The local founders of this landmark event share why they keep putting in the work, decades later
Raymond and Martha Stokes, of Lynchburg, along with their daughter Lesley Stokes, have always appreciated antiques. But a simple reverence for old stuff wasn’t enough—they also shared a strong desire to build community within the industry, leading to the creation of an event that has transformed the mid-Atlantic’s antiques scene for the better.
It all started in the early 1980s, when Raymond and Martha, eager to share their hobby with locals, coordinated an antiques show as part of Lynchburg’s two-week fall festival called Kaleidoscope, which met at the old city market in Downtown Lynchburg.
“It was well received by the community, and we built a good following of dealers,” said Raymond, now 80 years old. “It’s amazing how this event evolved and grew in support.”
To their surprise and gratitude, the small Kaleidoscope event slowly developed into one of the largest antiques expositions in the mid-Atlantic, now held in Fishersville, Va., right off Exit 91 on I-64 in the Shenandoah Valley. It has quickly become a hot spot for a wide range of antiques and has gathered hundreds of dealers and thousands of buyers semiannually from across the country.
More than 300 exhibitors and dealers participate on average each May and October. The Fishersville Antiques Expo features a wide range of merchandise of all price points, making it affordable for novices, and competitive for seasoned collectors.
“Loving antiques myself, I am just thrilled that we have been able to do this, and that people enjoy it, and that young people learn from it,” said Martha, also 80 years old. “I’m very proud of it.”
Items may include furniture, old tools, jewelry, craft boxes, old advertisements, travel posters, paintings, sculptures, and movie memorabilia. Shoppers can also expect to find an array of comic books, postcards, stamps, glasses, silver, linens, vintage toys, clothing, cast irons, action figures, and even select cars.
“You can come to Fishersville and spend $5 buying something, or you can spend $10,000 on something,” said Raymond. “The range of merchandise is so broad.”
“We want to have a great show, good dealers, and a great experience,” Lesley added.
The 200+ acre venue includes several buildings, a couple of livestock barns, and rows of outdoor space for dealers to set up tents and displays.
“Antique dealers are one of the most honest groups of people that you will ever meet,” Raymond said. “We have dealt with hundreds and hundreds of dealers. They are really kind and have a good set of values. And that is so refreshing. … Most of these dealers are also wonderful educators. They love to share the information that they have because of the passion for what they’re doing.”
Ron and Susan Derrow, owners of Shumake and Johnson Antiques located near the show’s vicinity, have participated as dealers in the expo since its fourth showing. Their business specializes in country furniture—farm tables, cupboards, food safes, and a touch of reproduction folk art.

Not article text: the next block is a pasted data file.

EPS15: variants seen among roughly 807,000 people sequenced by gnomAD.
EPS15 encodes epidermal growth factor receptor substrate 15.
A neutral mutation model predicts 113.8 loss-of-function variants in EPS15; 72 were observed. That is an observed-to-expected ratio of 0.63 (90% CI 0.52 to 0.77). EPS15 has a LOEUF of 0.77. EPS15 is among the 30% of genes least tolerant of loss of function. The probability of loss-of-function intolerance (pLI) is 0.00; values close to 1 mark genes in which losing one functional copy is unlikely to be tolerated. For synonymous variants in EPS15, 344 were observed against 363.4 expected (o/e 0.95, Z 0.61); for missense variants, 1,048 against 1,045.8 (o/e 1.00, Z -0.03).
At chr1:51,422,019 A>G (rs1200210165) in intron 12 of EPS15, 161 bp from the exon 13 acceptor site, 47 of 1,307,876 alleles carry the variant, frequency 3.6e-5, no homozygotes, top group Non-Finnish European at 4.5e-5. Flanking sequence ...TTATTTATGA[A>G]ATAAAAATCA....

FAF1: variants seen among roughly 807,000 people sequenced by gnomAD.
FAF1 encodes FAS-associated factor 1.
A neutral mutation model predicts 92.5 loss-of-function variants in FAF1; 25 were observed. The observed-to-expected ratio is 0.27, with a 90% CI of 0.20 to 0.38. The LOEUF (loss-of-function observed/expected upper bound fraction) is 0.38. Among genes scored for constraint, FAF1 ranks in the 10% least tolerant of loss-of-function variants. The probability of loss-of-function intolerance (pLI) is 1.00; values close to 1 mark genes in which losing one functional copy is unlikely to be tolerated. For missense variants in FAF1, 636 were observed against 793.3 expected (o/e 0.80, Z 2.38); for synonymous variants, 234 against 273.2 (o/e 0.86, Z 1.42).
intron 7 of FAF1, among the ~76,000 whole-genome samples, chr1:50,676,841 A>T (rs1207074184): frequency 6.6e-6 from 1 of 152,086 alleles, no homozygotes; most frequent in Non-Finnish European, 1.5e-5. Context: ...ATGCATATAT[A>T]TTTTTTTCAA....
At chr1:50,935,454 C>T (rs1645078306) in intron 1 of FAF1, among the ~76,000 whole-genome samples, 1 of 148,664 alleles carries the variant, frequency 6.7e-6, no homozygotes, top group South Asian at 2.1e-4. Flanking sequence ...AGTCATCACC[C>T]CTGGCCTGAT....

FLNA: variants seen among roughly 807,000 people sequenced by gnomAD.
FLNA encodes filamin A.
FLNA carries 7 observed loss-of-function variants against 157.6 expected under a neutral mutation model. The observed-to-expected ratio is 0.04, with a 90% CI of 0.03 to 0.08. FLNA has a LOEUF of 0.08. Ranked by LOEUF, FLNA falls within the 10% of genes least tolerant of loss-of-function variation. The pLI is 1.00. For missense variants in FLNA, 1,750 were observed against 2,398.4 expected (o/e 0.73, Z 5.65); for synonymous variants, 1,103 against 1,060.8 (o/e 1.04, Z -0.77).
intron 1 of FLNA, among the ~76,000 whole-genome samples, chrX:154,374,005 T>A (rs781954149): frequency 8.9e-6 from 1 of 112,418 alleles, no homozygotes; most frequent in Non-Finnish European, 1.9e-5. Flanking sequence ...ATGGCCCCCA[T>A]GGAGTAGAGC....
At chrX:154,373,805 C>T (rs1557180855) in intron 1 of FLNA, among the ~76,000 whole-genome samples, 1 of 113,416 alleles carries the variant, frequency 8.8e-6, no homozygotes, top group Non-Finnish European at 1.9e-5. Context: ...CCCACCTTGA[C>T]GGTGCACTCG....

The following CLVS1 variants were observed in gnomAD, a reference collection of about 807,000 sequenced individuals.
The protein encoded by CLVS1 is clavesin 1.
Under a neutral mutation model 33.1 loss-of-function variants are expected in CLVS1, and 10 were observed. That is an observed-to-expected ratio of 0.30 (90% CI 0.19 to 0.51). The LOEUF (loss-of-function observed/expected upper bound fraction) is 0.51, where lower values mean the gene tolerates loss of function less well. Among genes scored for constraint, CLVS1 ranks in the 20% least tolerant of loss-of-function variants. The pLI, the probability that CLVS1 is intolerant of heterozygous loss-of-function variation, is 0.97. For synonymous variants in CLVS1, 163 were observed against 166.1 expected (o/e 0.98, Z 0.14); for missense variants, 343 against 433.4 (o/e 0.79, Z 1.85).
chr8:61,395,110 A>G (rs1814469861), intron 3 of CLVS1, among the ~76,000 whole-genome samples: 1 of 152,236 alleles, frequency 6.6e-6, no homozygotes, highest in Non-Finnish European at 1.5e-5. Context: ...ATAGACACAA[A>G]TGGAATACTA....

“Lesley and her parents have just been great people, and they’re good promoters,” said Ron, who has arranged their display in the same spot in the sheep barn for 64 out of the 68 showings.
“That show, it has something for everybody,” Susan added. “It’s not all country.
It’s not all furniture. Most people who want antiques, they can usually find what they are looking for.”
Originally, the Stokes family partnered with fellow dealers Sam and Mary Ferguson to organize the show, but since the Fergusons’ retirement in 2019, the show has been fully operated by the Stokes family trio.
And the Stokes family considers the Fishersville Antiques Expo a labor of love that’s year-round. When they aren’t organizing the two-day event, they are recruiting antique dealers across the East Coast, answering questions, and selling advertisements.
“We get up every day, and it’s a workday,” Raymond said. “You have to have a purpose in life, and this keeps us connected to the world.”
Despite being one of the largest shows in the mid-Atlantic, its purpose has never been to be the biggest or fanciest. The Stokes’ primary goal is to foster community, educate young collectors, and provide the most enjoyable event for all parties involved.
The family said the biggest challenge facing the industry has been the age demographic, which consists of mostly the older generation.
“I’d like to be able to flip a switch and open the eyes of the younger collector and generation and encourage them to start collecting,” Raymond said. “It’s amazing what’s thrown away every day in this country that has real value, simply because the inheritor is totally unaware of what’s really valuable.”
To accommodate this shift, Lesley has taken a modern approach to the show’s marketing reach, utilizing multiple social media platforms to advertise and promote the event.
“We want to reach the younger age groups and let them know about this event,” Lesley added. “There isn’t anywhere else nearby that they can come, have a great experience, find things to make their houses more their home, and to have a good time doing it at a good price.”
“In buying an antique, you have something that is unique,” Martha said. “Not everyone else has it. It’s very special and one of a kind.”
The next show will be May 20 and 21, 2022.
The entry fee for Friday is $10, and Saturday is $5. For more information, visit Fishersville’s website heritagepromotions.net